E-commerce Silver Lining Despite Holiday Dip
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While online shopping dipped 3 percent this past holiday season, some e-tailers experienced greater growth than their offline counterparts which proves ecommerce has cemented itself as a viable channel, according to a study released today.
New consumer data from comScore's (NASDAQ : SCOR) latest survey illustrates that while consumers spent less online and offline, more people hit the Web to shop in November and December of 2008.
"E-commerce had the softest season of growth that comScore has observed since we began tracking in 2001, which clearly reflected the overall consumer retail environment," Andrew Lipsman, director of industry analysis, told InternetNews.com.
"However, the e-commerce still outperformed offline retail in several key sectors which suggests that it is a healthier retail channel that the alternative," said Lipsman, adding he believes the increased online activity indicates long-term health for the retail channel.
The news comes as businesses continue to deal with a recession environment that has consumers thinking twice about purchases in light of layoffs and potential job instability.
The comScore study compared e-commerce data to overall (online and offline) spending data from MasterCard Advisors SpendingPulse Unit between November 1 through December 24, 2008 and compared to the holiday season timeframe in 2007.
The newest results confirm comScore's November forecast that shoppers would head online late in the season seeking more aggressive price cuts.
And that's clearly what happened, for while consumers cut back in spend, more shopped online which boosted sales in several ecommerce segments.
Healthy stats for sports and fitness
The top growing online product category, sports and fitness, saw 18 percent growth compared to the holiday season of 2007. comScore attributes the growth to a continuing consumer focus on health and fitness, as well as a higher comfort factor in ordering high-priced equipment online.
The second top category was video games and consoles, which saw a 14 percent growth year over year. New products such as the Nintendo Wii and PlayStation 3 contributed to the increase, according to the study.
The third top online category was clothing and accessories, which grew four percent from 2007. The research firm said more aggressive discounts and promotions, as well as bad weather that prohibited travel to brick-and-mortar stores, contributed to the spike.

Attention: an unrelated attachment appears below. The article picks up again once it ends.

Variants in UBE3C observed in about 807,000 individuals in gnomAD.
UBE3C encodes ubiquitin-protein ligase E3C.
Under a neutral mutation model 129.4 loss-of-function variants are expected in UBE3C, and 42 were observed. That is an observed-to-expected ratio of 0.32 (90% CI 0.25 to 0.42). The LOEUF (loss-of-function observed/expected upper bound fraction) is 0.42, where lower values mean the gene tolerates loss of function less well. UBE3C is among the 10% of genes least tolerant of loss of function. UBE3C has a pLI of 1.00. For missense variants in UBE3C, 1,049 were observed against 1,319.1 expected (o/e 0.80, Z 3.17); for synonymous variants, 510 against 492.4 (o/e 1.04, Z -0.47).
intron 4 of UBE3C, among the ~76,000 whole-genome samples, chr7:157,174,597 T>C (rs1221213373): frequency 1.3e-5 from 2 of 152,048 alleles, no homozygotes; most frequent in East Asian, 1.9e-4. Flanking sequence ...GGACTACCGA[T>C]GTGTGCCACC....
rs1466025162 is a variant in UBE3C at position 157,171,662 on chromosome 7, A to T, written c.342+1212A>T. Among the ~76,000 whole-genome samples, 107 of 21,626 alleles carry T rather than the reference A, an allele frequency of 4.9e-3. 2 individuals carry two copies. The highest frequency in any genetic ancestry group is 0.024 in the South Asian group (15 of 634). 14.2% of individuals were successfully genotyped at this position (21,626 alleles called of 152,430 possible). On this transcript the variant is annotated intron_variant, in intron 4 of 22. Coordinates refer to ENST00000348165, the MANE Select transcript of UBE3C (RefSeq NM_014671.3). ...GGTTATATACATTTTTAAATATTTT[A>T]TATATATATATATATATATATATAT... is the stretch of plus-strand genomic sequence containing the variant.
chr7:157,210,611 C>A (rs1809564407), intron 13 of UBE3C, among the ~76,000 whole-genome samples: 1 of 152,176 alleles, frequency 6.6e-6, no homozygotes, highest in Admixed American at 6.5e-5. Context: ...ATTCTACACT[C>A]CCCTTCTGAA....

The dip in online sales
Categories not faring as well included office supplies, which saw a 30 percent dip in online activity, and music and movies, which experienced a decline of 32 percent. Lipsman said consumer are likely relying more on digital devices such as smartphones and music players rather than CD players to enjoy music.
Jewelry and computer hardware both had a 24 percent decline in sales, year to year, though consumer electronics fared better with just a five percent decline.
Home and garden online sales dropped 14 percent and event ticket sales dipped 18 percent, year to year. Online bookstores saw a one percent drop, while toys and flower stores experienced a 7 percent dip in sales.
The survey also revealed that consumers with higher incomes spent more this past holiday. There was a 7 percent increase in online spending within households of at least $100,000 in annual income, while all other income segments logged declines in spending. The biggest dip was within households earning less than $50,000 a year with a drop of 13 percent compared to a year ago.
"Security and comfort is, for the most part, an issue of the past," Lipsman said of online shopping. "However, the more experience a consumer has making e-commerce transactions, the more likely they are to increase the frequency of purchasing online and buying more expensive items online, which can contribute to growth," he said.